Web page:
Here’s why it’s a big deal for the company and future of banking.
In its fourth-quarter and full-year 2019 earnings release, financial-technology loan platform LendingClub (NYSE:LC) also announced that it would be acquiring another company. Wedbush analyst Henry Coffey deemed the move “amazing news” on LendingClub’s conference call with analysts.
What has analysts like Coffey so excited? This is the first time a new fintech company has acquired a bank — specifically, digitally native Radius Bank, a branchless bank based in Boston, with about $1.4 billion in assets.
While that may not seem like such a huge deal, it could be. Fintechs came on to the scene a few years ago as potential disruptors to the banking industry. However, many have fallen flat, as regulatory hurdles popped up, credit tightened, charge-offs rose, and legacy big banks upped their game.
However, should fintechs be able to combine what’s best about their modern, nimble platforms with the regulatory compliance and access to deposits that banks have, it could make for a formidable combination. Though LendingClub is the first to make the combination by acquisition, private start-up Varo Money just received a bank charter earlier this month after a three-year application process. Fellow fintech Square (NYSE:SQ) is also currently pursuing its own license with the FDIC.
Here’s why the transaction could especially be a game-changer for LendingClub’s lagging stock price and the industry at large.
In total, LendingClub will pay $185 million for Radius, with 75% coming in cash and 25% coming in stock. However, to clear the way for regulators, LendingClub also has to pay $50.2 million to current shareholder Shanda, a Chinese investment company that owns 22% of LendingClub shares, in exchange for converting its shares into non-voting stock.
LendingClub should get enormous benefits from the deal should it go through. First, LendingClub will save roughly $25 million per year on fees it currently pays to WebBank, the current Utah bank that LendingClub “rents” essentially as a pass-through entity to make its loans across the country.
Second, LendingClub estimates it will lower its own costs of funding by about $15 million per year to start, as Radius’ lower-cost deposits will replace LendingClub’s current warehouse lines, which LendingClub estimates will bring its costs of debt down from roughly 4% to 1.8%.
LendingClub currently only uses its warehouse lines to acquire loans on its platform temporarily, before selling them in securitizations or directly to institutions, banks, and individuals. However, having Radius’ deposits will allow LendingClub to hold more of its own loans on its balance sheet. Previously, LendingClub only held a token amount of loans on its balance sheet and mostly resold loans on its platform. Though the majority of LendingCLub’s loans will still be sold, the company now intends to hold about 10% of its originations on its balance sheet. That could result in an incremental $40 million in economic profit per year for every $1 billion held on the balance sheet. Last year, LendingClub originated about $12.3 billion of consumer loans.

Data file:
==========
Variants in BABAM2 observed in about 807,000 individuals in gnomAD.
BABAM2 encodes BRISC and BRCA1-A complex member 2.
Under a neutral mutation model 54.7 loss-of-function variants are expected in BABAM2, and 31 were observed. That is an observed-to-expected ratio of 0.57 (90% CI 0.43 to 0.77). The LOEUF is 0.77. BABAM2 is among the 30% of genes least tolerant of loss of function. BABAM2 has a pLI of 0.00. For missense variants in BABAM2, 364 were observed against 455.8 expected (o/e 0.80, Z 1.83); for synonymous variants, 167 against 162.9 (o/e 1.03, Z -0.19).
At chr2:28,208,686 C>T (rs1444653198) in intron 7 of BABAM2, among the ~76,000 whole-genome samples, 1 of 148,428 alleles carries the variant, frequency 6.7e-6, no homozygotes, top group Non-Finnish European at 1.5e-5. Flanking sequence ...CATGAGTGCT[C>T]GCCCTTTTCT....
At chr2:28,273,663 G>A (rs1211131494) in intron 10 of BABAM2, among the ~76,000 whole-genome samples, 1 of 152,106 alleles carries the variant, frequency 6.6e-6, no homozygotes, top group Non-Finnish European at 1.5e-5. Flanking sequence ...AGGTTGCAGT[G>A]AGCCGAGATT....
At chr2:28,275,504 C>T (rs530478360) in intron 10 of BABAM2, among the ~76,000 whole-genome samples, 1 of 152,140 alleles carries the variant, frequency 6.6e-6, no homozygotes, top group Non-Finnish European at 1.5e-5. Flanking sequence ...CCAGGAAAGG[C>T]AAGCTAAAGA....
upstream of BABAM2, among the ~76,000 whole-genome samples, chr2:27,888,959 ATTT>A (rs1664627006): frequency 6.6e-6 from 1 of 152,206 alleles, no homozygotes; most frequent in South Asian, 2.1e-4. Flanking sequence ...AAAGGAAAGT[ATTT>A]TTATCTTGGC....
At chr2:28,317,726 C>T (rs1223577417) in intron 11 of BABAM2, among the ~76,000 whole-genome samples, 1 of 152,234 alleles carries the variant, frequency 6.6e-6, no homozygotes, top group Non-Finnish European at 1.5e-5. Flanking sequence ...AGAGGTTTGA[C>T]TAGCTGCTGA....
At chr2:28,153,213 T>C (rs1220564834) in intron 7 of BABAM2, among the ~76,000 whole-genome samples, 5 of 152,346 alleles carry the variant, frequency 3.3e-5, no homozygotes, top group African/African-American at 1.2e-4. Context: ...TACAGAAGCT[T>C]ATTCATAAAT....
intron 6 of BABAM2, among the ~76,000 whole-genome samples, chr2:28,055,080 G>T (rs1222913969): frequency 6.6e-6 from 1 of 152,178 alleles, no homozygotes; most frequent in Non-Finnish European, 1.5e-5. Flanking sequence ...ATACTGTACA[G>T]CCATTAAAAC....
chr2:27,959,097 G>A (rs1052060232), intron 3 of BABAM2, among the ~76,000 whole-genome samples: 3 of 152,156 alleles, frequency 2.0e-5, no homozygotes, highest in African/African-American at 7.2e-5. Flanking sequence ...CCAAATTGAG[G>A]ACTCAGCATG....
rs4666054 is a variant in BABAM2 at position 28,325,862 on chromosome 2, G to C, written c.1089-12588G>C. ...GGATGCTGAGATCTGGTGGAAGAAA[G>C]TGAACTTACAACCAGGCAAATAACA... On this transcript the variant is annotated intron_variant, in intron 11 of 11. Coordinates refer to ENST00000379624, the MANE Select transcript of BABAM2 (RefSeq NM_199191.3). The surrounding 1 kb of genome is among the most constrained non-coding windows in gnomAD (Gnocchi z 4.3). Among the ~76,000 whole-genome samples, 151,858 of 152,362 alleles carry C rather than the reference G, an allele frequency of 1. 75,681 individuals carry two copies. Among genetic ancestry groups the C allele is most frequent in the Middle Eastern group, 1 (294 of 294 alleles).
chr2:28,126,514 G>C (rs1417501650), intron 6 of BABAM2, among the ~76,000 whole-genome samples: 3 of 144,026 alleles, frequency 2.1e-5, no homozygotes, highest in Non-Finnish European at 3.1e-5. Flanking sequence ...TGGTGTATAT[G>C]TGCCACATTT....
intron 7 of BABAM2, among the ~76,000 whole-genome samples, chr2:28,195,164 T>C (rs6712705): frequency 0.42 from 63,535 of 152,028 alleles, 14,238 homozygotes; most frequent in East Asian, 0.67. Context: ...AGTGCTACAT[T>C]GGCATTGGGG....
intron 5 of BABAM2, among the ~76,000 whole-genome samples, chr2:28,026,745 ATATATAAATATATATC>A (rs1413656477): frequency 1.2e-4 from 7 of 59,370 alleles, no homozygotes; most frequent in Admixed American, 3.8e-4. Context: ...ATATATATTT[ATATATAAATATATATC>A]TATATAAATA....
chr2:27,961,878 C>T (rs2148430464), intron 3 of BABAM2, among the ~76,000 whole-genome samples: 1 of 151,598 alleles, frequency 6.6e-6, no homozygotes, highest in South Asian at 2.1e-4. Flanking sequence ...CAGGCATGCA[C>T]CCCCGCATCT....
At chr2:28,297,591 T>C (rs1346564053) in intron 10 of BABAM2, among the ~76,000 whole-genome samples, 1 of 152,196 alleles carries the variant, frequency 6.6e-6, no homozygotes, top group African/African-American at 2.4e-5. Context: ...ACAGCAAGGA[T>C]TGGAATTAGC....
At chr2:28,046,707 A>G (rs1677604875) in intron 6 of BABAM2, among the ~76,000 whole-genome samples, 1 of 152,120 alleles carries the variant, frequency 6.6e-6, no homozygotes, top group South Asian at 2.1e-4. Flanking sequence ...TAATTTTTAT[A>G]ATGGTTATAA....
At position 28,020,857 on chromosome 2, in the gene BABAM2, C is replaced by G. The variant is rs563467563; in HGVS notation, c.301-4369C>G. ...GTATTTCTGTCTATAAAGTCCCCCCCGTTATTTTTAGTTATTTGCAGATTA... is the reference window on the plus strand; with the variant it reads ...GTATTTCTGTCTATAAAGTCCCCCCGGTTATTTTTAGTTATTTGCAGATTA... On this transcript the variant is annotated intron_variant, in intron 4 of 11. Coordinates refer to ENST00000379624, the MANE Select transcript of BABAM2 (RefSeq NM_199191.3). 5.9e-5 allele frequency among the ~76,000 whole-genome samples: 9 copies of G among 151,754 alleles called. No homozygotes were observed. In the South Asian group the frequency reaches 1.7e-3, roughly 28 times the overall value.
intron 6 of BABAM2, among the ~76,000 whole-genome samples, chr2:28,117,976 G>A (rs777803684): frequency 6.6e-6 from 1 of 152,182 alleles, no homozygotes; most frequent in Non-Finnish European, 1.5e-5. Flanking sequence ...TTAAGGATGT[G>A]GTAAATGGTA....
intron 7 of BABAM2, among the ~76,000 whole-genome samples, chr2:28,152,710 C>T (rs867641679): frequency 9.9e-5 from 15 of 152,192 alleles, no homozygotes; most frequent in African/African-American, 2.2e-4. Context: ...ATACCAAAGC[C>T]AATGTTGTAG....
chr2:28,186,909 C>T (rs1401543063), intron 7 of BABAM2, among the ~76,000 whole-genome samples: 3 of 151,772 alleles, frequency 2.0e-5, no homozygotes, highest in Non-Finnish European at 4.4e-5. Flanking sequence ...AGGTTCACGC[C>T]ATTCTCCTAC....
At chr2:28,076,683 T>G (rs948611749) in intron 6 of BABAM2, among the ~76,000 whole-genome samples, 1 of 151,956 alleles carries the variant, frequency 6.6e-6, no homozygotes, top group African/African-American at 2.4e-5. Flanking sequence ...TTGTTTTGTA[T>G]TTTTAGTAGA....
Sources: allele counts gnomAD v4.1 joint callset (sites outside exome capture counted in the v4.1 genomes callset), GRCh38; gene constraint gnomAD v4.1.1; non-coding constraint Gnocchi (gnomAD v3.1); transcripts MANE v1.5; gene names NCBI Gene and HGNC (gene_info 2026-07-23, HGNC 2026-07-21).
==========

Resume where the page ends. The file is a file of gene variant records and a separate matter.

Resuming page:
In all, this adds up to about $80 million in annual economic benefit for Lending Club alone, which is fairly remarkable since LendingClub is paying only $185 million, or $235 million when including Shanda’s payoff. LendingClub also has a market capitalization of just $1.15 billion, with $714 million in net cash and short-term loans held for sale on its balance sheet, for an enterprise value only around $435 million.
In addition, LendingClub will acquire Radius at 1.72 times book value and 28.6 times earnings and will bring in Radius’ roughly $1 billion in diverse consumer and commercial loans. While the P/E ratio suggests only about $6.5 million in earnings for Radius, that’s really the cherry on top for the deal. Combined, Radius will enable LendingClub to reap all of the benefits, and both companies should be able to meaningfully grow together with the added scale each side brings. In addition, Radius also appears to be a technically savvy operator, and Bankrate recently named it “Best Online Bank for 2020.”
Adding to Wedbush’s enthusiasm on the call, Oppenheimer analyst Jed Kelly wrote in a report, “We view LendingClub’s intention to become a fully digitized bank by acquiring Radius Bank as a meaningful catalyst in unlocking greater shareholder value for its leading personal lending platform.” At first glance, I tend to agree.
A formidable combo
LendingClub estimates that the deal will take 12 to 15 months to close, and regulators are notoriously difficult with bank mergers. Nevertheless, should it come to fruition, the combination would create a new type of financial institution that combines the fintech’s leading customer acquisition and data-driven underwriting platform with Radius’ deposit-gathering skills. LendingClub will still be selling 90% or so of its consumer loans through its platform to third parties, so it will still retain that “platform” status and won’t totally resemble a bank.
In this way, LendingClub is hoping to become a new kind of hybrid that retains the advantages of being a loan platform while also bringing in the advantages that come with traditional banking, most notably low-cost deposits and lower compliance costs.
Is it the right mix? That remains to be seen, but one thing is for sure — at least on traditional metrics, the combined company will be extremely cheap, should the deal go through and promised synergies come to fruition.
Author: Billy Duberstein